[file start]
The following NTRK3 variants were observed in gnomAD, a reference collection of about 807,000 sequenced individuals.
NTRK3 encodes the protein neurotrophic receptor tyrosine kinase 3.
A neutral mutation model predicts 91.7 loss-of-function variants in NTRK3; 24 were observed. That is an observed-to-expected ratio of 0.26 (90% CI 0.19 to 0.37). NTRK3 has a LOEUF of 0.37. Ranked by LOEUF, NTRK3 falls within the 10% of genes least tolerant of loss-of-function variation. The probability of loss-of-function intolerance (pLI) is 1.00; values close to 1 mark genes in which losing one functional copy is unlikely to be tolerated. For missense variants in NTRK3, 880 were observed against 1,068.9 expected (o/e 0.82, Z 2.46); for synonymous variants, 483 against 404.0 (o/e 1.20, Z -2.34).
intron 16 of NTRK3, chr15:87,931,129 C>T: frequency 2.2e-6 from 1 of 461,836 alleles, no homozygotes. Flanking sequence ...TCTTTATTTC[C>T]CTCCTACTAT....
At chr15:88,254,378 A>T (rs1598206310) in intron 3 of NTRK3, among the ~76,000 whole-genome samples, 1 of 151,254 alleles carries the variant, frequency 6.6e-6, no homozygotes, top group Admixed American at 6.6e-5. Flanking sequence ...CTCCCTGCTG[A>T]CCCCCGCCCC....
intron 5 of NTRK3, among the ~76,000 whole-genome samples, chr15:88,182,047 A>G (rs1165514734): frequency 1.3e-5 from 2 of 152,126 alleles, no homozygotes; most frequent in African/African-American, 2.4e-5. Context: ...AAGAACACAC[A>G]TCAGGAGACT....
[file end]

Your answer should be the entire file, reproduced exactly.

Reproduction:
The following NTRK3 variants were observed in gnomAD, a reference collection of about 807,000 sequenced individuals.
NTRK3 encodes the protein neurotrophic receptor tyrosine kinase 3.
A neutral mutation model predicts 91.7 loss-of-function variants in NTRK3; 24 were observed. That is an observed-to-expected ratio of 0.26 (90% CI 0.19 to 0.37). NTRK3 has a LOEUF of 0.37. Ranked by LOEUF, NTRK3 falls within the 10% of genes least tolerant of loss-of-function variation. The probability of loss-of-function intolerance (pLI) is 1.00; values close to 1 mark genes in which losing one functional copy is unlikely to be tolerated. For missense variants in NTRK3, 880 were observed against 1,068.9 expected (o/e 0.82, Z 2.46); for synonymous variants, 483 against 404.0 (o/e 1.20, Z -2.34).
intron 16 of NTRK3, chr15:87,931,129 C>T: frequency 2.2e-6 from 1 of 461,836 alleles, no homozygotes. Flanking sequence ...TCTTTATTTC[C>T]CTCCTACTAT....
At chr15:88,254,378 A>T (rs1598206310) in intron 3 of NTRK3, among the ~76,000 whole-genome samples, 1 of 151,254 alleles carries the variant, frequency 6.6e-6, no homozygotes, top group Admixed American at 6.6e-5. Flanking sequence ...CTCCCTGCTG[A>T]CCCCCGCCCC....
intron 5 of NTRK3, among the ~76,000 whole-genome samples, chr15:88,182,047 A>G (rs1165514734): frequency 1.3e-5 from 2 of 152,126 alleles, no homozygotes; most frequent in African/African-American, 2.4e-5. Context: ...AAGAACACAC[A>G]TCAGGAGACT....